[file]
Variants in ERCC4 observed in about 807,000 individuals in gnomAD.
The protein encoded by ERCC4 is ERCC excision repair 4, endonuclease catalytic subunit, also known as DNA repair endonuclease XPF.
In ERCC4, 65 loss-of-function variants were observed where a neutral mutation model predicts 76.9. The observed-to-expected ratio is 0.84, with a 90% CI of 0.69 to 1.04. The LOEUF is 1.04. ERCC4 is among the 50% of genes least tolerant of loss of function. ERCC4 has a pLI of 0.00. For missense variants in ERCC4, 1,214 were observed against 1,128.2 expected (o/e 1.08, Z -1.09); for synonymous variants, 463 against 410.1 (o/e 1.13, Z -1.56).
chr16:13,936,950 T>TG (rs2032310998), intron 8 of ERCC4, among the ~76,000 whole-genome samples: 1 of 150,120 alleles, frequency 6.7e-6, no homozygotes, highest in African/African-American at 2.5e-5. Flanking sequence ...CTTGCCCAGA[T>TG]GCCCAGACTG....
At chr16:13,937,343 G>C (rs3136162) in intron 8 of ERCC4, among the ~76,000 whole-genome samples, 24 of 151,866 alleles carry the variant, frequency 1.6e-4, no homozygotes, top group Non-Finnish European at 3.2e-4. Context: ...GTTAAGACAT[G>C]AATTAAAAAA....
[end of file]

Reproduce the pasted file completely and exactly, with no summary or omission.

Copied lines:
Variants in ERCC4 observed in about 807,000 individuals in gnomAD.
The protein encoded by ERCC4 is ERCC excision repair 4, endonuclease catalytic subunit, also known as DNA repair endonuclease XPF.
In ERCC4, 65 loss-of-function variants were observed where a neutral mutation model predicts 76.9. The observed-to-expected ratio is 0.84, with a 90% CI of 0.69 to 1.04. The LOEUF is 1.04. ERCC4 is among the 50% of genes least tolerant of loss of function. ERCC4 has a pLI of 0.00. For missense variants in ERCC4, 1,214 were observed against 1,128.2 expected (o/e 1.08, Z -1.09); for synonymous variants, 463 against 410.1 (o/e 1.13, Z -1.56).
chr16:13,936,950 T>TG (rs2032310998), intron 8 of ERCC4, among the ~76,000 whole-genome samples: 1 of 150,120 alleles, frequency 6.7e-6, no homozygotes, highest in African/African-American at 2.5e-5. Flanking sequence ...CTTGCCCAGA[T>TG]GCCCAGACTG....
At chr16:13,937,343 G>C (rs3136162) in intron 8 of ERCC4, among the ~76,000 whole-genome samples, 24 of 151,866 alleles carry the variant, frequency 1.6e-4, no homozygotes, top group Non-Finnish European at 3.2e-4. Context: ...GTTAAGACAT[G>C]AATTAAAAAA....